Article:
Musings of an infosec nerd

Revision for GPEN - Day 1

  •   Thu 20 January 2011
  •   InfoSec

This week I'm starting my revision for SEC560 and the GPEN cert. I'm currently just finishing the day 2 mp3 by Ed Skoudis, and considering it's just Ed talking through the slides I'm finding it as good as when I was in the class. There is lots of insight into the tools that are being described, as you would expect from having the author of the course delivering it live. TODO so far:

Learn the following tools inside out:

nmap NSE
Sid2user and User2sid
nc forwarding

So far I've covered the planning, scoping and recon stage of the pen test. This covers the initial contact between the tester and the customer and defines the rules of engagement and scope of the test. The rules of engagement details how the testers are going to interact with the environment they are testing and the techniques that they are allowed to use. Examples of what should be in the RoE are the dates between which the test is going to be conducted, the communications that will take place between the testers and the customer etc. The scope defines what will be tested, and includes the IP's to be targeted and whether social engineering or physical testing is allowed. Obviously these are only examples, for the full beef go and do SEC560 :-)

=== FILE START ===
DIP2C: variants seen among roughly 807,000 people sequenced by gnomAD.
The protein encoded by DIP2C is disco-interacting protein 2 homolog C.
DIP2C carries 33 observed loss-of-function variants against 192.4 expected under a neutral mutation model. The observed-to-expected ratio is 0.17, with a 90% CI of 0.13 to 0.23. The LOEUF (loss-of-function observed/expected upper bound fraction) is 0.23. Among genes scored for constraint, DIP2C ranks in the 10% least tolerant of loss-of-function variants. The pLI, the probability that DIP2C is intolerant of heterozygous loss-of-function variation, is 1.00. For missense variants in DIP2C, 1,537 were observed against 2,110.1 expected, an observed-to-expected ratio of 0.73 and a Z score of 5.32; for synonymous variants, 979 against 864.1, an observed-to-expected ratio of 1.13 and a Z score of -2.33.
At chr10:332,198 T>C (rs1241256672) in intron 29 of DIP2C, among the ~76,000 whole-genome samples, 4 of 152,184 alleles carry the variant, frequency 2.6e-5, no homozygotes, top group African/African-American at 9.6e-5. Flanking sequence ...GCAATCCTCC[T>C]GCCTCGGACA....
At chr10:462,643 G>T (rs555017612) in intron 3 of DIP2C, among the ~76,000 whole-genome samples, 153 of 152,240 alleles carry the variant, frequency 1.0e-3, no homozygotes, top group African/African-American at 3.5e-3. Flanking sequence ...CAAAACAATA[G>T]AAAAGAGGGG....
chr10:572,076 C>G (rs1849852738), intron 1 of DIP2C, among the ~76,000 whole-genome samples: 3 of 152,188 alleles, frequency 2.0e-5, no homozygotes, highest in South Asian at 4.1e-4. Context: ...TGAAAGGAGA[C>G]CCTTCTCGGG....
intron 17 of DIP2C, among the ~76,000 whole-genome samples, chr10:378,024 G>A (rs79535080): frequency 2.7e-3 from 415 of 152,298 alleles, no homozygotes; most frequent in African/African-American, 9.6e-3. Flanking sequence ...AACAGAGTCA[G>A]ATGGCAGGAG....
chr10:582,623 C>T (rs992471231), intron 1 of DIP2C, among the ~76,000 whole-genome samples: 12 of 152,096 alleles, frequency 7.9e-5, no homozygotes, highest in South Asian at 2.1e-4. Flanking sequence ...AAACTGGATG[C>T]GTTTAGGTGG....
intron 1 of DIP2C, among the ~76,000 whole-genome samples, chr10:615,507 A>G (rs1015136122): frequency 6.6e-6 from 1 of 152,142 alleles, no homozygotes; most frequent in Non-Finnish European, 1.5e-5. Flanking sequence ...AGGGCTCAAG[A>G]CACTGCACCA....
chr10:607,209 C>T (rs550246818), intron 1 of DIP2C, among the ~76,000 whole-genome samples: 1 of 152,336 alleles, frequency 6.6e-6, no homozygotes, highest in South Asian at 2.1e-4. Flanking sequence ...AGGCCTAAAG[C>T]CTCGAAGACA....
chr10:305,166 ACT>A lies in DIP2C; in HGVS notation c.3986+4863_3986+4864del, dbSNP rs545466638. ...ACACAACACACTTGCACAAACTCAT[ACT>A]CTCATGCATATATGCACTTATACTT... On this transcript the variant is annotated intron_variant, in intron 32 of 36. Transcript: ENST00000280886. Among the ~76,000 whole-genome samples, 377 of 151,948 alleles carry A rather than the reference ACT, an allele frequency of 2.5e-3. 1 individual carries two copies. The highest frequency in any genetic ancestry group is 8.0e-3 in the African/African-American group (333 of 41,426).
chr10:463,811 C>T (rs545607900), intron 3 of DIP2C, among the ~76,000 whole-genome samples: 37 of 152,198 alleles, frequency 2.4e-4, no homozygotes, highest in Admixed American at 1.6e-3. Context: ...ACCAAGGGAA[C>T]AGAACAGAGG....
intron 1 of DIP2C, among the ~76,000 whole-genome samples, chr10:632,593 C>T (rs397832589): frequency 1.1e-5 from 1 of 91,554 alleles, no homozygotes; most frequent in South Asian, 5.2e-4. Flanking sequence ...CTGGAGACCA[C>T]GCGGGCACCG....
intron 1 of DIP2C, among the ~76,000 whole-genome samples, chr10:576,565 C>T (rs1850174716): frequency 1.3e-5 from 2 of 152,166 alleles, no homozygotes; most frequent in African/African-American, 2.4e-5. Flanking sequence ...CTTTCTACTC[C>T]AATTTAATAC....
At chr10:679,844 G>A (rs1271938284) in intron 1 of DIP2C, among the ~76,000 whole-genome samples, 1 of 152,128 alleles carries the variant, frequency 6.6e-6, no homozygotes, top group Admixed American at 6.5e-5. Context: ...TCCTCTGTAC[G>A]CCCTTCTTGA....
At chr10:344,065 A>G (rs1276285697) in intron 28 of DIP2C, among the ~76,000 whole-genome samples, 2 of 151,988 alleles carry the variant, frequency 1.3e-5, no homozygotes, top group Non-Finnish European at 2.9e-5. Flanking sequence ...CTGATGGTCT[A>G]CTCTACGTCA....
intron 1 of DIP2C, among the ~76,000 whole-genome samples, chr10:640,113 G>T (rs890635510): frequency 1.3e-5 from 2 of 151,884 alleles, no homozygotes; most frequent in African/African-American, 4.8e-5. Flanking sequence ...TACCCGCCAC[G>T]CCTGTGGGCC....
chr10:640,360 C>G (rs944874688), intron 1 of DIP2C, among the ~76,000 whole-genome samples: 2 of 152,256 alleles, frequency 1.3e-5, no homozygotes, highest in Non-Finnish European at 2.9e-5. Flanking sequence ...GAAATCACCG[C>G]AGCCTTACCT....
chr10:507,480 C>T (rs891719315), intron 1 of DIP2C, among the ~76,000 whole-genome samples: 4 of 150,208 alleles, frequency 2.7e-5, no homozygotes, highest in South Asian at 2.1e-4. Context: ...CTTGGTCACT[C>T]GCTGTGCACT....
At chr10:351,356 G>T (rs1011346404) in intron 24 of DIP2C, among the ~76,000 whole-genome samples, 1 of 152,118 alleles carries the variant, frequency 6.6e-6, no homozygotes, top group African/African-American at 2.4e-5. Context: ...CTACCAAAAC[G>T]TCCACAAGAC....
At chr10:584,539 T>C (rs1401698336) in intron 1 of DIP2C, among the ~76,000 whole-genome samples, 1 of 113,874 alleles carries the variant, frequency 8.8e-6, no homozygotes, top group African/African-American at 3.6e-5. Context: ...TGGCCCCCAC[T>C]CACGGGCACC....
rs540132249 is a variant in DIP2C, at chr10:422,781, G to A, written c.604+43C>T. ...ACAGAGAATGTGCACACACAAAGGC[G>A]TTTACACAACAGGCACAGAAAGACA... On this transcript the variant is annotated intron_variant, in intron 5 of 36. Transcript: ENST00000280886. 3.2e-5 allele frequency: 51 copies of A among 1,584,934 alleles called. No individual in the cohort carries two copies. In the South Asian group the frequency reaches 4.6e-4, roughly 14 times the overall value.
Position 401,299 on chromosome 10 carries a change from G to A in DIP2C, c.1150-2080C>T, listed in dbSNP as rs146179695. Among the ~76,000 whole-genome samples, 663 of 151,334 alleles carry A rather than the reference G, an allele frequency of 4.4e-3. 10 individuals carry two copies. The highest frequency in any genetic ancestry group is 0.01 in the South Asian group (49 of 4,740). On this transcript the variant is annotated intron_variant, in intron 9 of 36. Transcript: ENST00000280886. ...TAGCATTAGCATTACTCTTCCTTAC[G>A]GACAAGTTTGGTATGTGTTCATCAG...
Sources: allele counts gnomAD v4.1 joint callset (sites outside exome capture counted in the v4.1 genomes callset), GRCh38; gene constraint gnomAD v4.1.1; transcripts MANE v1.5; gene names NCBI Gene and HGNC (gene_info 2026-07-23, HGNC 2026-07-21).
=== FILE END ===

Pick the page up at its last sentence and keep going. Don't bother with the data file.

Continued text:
Also covered on day 1 is recon, including interesting web searches, google hacking, document metadata extraction, whois searches etc. There is so much information that individuals and companies make publicly available that the tester can leverage to gain access to systems that they should not be able to. As an example of this, imagine the company you are testing has a minimal footprint on the internet that you can access. This footprint is fire walled, patched and behind WAF's and IPS's. You just cannot find a way to exploit anything to start pivoting your way into the network. Are you done? nope; go onto their website with a spider and download all the documents you can. Run these docs through Exiftool and find out the version of office/acrobat etc that the company are using, then go to the "vacancies" section on their website and apply for some jobs with a CV that also happens to contain exploits for the software you know they are using. Include links to a website that is hosting browser exploits or the completely evil browser-autopwn from Metasploit and start feeding them Meterpreter shells. This is only the beginning.

Day 2 covers scanning, which is why I have a loooong list of tools I need to learn. I'll write up a summary when I'm happy that I understand all the evil things that I can do with them ;-)

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